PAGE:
Alongside Apple's (NASDAQ:AAPL) earnings release last week, the company dropped a capital structure bombshell: It will be tapping the debt markets to raise cash. This has been a topic of debate for some time, since Apple's cash balance has reached legendary status.

Some investors may initially think the move counterproductive: Why raise debt when you have cash?

All abroad
The first reason is that the bulk of Apple's cash -- $102.3 billion to be precise -- is currently held overseas by foreign subsidiaries. Apple would face quite a tax bill if it wanted to repatriate those dollars back home.

Source: SEC filings. Calendar quarters shown. MRQ = most recent quarter.

At the same time, investors have been demanding that Apple return more cash, so the only way to balance those two interests is to tap debt markets to raise domestic cash.

In theory
The other benefit to Apple of raising debt is to reduce the company's weighted average cost of capital, or WACC. How much of a benefit are investors possibly looking at? Let's start with the WACC formula.

Figuring out Apple's current WACC is fairly straightforward, because it currently has no debt. Using the capital asset pricing model, I estimate Apple's current cost of equity at 8.5%, lower than my February estimate of 10.5%. This is because Apple's volatility (measured by beta) has declined and the risk-free rate (measured by 10-year Treasury yields) has also declined. The equity risk premium is largely unchanged.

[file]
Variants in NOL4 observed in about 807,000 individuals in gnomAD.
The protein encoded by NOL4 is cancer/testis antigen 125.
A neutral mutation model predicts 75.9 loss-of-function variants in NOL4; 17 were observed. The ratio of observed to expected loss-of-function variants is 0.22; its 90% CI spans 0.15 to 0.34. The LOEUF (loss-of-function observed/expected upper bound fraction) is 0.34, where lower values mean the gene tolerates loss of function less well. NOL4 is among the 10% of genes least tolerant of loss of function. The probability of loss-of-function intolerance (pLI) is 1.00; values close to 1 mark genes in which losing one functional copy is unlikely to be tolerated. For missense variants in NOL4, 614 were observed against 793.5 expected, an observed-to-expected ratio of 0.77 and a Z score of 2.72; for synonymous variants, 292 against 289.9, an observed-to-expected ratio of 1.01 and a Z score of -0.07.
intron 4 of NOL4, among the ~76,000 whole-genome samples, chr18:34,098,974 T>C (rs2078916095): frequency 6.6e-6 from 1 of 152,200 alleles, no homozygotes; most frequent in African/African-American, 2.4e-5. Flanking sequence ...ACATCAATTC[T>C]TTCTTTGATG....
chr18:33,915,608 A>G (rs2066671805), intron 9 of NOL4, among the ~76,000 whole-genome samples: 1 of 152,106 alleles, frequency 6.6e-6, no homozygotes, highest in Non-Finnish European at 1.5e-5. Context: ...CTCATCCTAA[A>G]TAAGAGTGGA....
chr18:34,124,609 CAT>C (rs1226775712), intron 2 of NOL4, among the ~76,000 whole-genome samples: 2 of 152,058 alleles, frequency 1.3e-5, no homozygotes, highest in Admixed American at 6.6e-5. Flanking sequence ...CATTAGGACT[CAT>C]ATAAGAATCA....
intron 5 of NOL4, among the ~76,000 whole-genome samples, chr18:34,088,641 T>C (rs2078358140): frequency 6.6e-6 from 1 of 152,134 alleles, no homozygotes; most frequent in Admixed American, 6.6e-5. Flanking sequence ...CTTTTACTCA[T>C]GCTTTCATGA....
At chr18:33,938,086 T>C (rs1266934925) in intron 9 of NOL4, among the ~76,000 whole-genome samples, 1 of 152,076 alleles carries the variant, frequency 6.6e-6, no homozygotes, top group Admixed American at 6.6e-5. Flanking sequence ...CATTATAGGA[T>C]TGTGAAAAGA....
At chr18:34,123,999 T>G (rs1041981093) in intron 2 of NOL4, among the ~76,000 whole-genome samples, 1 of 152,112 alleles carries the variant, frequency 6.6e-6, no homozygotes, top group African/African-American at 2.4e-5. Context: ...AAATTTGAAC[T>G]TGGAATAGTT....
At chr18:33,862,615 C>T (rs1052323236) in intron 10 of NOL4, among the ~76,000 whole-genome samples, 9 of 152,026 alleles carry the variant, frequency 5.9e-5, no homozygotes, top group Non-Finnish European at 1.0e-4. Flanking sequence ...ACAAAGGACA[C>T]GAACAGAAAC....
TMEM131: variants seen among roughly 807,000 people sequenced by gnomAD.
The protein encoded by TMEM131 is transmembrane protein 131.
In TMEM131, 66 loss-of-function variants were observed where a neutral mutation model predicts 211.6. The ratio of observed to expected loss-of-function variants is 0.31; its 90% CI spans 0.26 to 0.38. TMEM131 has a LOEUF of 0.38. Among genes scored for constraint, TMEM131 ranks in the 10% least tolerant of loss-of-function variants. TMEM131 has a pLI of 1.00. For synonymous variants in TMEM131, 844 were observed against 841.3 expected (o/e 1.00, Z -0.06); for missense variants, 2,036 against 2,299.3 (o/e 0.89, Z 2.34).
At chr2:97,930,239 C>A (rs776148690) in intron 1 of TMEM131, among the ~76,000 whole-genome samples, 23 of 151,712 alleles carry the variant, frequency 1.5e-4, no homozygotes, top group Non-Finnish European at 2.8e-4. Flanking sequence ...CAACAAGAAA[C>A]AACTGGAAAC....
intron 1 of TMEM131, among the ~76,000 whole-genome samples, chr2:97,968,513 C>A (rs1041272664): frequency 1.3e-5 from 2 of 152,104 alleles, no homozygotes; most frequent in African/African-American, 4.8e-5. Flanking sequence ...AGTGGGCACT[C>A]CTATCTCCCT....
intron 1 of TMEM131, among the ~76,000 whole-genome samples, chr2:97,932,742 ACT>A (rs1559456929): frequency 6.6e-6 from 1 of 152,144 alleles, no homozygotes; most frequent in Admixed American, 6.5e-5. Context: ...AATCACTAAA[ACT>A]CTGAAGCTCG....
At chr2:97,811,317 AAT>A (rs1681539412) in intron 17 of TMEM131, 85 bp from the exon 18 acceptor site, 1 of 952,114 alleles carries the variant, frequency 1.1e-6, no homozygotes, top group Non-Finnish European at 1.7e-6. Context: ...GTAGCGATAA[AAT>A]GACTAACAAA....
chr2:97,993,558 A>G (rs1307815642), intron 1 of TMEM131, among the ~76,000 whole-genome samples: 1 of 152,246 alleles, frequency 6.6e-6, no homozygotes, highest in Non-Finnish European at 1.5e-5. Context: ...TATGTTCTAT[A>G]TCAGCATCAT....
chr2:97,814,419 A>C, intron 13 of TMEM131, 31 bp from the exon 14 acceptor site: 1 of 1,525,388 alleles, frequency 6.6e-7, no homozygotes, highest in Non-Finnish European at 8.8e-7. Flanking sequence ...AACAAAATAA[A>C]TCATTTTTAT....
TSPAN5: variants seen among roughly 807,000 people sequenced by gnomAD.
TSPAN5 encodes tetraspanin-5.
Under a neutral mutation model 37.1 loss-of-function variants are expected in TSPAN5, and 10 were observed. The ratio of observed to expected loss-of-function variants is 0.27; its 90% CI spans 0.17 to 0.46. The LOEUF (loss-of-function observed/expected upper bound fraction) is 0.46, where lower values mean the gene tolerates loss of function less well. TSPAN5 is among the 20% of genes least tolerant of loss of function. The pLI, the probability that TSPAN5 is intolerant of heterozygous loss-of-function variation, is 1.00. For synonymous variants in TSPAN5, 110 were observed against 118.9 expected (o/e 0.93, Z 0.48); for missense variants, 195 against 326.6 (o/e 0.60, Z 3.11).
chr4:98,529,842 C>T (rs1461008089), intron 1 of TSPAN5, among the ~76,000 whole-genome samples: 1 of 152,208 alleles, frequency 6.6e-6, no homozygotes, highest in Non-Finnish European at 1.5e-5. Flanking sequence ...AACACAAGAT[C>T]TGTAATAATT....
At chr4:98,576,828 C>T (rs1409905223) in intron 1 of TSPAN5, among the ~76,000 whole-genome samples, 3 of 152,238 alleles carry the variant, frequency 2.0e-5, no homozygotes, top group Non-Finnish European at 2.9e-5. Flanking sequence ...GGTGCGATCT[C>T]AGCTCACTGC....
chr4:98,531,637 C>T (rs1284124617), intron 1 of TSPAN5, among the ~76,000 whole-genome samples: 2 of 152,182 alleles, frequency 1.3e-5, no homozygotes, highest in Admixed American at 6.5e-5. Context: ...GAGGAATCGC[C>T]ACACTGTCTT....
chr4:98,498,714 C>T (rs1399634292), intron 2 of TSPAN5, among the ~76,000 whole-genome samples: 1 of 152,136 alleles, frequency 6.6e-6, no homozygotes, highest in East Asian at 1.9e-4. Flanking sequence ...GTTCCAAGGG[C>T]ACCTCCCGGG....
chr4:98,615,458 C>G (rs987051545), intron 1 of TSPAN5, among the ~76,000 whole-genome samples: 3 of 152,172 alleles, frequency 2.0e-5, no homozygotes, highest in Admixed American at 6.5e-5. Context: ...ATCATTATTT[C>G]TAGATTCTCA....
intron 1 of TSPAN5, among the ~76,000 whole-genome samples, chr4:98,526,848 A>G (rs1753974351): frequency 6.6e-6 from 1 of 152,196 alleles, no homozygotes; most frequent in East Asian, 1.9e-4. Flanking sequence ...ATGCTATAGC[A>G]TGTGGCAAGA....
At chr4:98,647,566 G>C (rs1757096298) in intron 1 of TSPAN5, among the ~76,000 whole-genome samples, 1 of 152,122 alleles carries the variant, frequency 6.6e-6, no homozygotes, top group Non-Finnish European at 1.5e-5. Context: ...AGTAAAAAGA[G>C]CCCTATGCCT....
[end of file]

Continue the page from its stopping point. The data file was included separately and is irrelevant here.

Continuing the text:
With no debt, Apple's current WACC is simply its cost of equity, or 8.5%. Let's now add in some debt.

Lever up, WACC down
The (1-t) component above represents the tax break that comes with debt, since interest expense is tax-deductible. Like all American corporations, Apple faces a statutory federal income tax rate of 35%, which is what applies here. Apple's effective tax rate is much lower (around 26%), in part because of keeping foreign earnings "indefinitely reinvested" abroad.

As far as estimating the cost of debt, let's say that Apple issues paper with a 2.25% coupon. That would be slightly higher than 10-year Treasuries (Apple carries the same credit rating as the U.S. government) as well as the 1.25% that IBM borrowed at earlier this year.

Using these estimates, this is how differing amounts of debt raised would affect Apple's WACC right now.

Debt Raised

Annual Interest Expense


$0 (current)

$0 (current)


$20 billion

$450 million


$40 billion

$900 million


$60 billion

$1.35 billion


$80 billion

$1.8 billion


$100 billion

$2.25 billion


Source: Author's calculations.

If Apple raised up to $100 billion in debt, it could realize a WACC reduction as high as 1.5%. Realistically, though, the company will sell between $40 billion and $60 billion in paper, because it still generates operating cash flow domestically. Apple's generated $6.2 billion in cash domestically over the past year, which is after paying out $9.4 billion in dividends and buybacks so far.

It may be an implicit gain shrouded in financial theory, but Apple investors can look forward to seeing Apple's overall cost of capital come down.

This article represents the opinion of the writer, who may disagree with the “official” recommendation position of a Motley Fool premium advisory service. We’re motley! Questioning an investing thesis -- even one of our own -- helps us all think critically about investing and make decisions that help us become smarter, happier, and richer.